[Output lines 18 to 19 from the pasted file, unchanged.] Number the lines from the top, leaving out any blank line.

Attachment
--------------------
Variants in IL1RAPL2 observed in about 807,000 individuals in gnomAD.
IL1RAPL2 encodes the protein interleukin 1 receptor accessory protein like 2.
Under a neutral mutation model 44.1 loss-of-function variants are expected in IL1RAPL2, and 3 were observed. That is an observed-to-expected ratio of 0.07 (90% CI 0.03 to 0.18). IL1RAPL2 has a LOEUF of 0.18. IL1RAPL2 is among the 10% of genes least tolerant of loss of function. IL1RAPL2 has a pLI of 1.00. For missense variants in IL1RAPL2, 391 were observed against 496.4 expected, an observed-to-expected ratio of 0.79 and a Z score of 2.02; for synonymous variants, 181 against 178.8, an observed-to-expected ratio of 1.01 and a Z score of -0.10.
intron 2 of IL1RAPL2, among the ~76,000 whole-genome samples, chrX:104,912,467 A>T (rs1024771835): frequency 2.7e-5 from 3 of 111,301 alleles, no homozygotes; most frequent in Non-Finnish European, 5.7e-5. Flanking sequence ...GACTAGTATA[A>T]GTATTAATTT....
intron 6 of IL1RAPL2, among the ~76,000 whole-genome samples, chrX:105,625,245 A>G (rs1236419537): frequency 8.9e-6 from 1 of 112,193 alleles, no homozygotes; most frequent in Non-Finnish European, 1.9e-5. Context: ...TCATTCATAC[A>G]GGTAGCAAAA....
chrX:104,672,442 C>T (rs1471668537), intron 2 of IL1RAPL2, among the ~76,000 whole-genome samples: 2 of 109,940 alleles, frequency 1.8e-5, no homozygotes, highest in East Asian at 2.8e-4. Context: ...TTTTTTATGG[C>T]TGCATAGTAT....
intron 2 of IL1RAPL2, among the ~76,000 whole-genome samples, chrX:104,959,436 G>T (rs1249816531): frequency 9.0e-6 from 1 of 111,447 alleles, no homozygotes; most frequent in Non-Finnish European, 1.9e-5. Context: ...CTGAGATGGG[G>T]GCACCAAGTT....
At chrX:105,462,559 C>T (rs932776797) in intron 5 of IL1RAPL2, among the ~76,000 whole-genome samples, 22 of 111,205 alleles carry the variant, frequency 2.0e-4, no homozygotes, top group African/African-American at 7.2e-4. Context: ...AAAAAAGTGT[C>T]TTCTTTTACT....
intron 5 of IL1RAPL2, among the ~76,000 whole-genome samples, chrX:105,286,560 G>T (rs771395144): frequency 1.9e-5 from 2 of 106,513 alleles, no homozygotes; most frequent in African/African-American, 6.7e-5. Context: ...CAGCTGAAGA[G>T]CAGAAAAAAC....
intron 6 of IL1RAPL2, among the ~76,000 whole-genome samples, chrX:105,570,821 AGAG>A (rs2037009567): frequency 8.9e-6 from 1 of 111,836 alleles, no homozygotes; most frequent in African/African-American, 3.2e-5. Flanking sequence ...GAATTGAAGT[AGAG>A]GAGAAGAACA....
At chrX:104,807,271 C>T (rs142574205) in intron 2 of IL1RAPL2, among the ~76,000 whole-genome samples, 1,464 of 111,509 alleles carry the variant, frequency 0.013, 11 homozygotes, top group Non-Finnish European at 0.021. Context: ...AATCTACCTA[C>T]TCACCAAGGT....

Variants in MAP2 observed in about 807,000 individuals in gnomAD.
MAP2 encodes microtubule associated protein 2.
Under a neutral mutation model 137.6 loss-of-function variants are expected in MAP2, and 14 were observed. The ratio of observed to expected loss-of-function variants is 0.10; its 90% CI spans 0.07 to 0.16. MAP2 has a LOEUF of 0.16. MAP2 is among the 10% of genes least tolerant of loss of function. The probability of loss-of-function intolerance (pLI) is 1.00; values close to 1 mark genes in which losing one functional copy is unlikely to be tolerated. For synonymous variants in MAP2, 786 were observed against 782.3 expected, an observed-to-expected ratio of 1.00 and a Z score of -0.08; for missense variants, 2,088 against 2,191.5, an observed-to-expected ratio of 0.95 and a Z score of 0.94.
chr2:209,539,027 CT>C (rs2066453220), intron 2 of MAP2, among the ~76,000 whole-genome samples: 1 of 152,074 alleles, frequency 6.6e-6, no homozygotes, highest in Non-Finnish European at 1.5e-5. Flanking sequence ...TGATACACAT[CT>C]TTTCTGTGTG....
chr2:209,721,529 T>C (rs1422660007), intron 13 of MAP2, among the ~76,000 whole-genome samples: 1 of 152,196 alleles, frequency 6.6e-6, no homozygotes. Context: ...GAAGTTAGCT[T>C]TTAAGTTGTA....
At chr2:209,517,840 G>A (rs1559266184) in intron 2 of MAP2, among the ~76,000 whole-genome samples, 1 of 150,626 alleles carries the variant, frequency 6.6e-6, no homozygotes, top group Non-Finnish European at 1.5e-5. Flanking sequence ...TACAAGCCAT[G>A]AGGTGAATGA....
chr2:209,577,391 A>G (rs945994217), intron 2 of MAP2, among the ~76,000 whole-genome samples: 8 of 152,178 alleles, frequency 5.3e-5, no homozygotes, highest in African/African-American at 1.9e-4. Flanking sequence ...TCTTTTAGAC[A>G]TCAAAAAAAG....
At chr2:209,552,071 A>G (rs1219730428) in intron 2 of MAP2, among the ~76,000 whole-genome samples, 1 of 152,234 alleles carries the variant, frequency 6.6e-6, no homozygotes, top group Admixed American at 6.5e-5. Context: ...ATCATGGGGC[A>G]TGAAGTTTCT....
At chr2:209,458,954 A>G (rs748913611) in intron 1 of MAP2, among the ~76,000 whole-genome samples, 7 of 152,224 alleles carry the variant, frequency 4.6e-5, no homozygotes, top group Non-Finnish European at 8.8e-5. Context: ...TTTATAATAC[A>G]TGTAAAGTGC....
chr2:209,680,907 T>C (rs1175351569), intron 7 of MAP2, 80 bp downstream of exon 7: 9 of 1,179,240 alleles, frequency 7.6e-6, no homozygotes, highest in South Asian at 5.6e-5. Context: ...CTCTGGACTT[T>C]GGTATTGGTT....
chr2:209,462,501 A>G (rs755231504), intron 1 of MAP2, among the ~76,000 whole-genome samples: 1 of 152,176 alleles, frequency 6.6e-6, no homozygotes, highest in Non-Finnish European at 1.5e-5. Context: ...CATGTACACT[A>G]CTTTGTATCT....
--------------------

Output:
chr2:209,577,391 A>G (rs945994217), intron 2 of MAP2, among the ~76,000 whole-genome samples: 8 of 152,178 alleles, frequency 5.3e-5, no homozygotes, highest in African/African-American at 1.9e-4. Flanking sequence ...TCTTTTAGAC[A>G]TCAAAAAAAG....
At chr2:209,552,071 A>G (rs1219730428) in intron 2 of MAP2, among the ~76,000 whole-genome samples, 1 of 152,234 alleles carries the variant, frequency 6.6e-6, no homozygotes, top group Admixed American at 6.5e-5. Context: ...ATCATGGGGC[A>G]TGAAGTTTCT....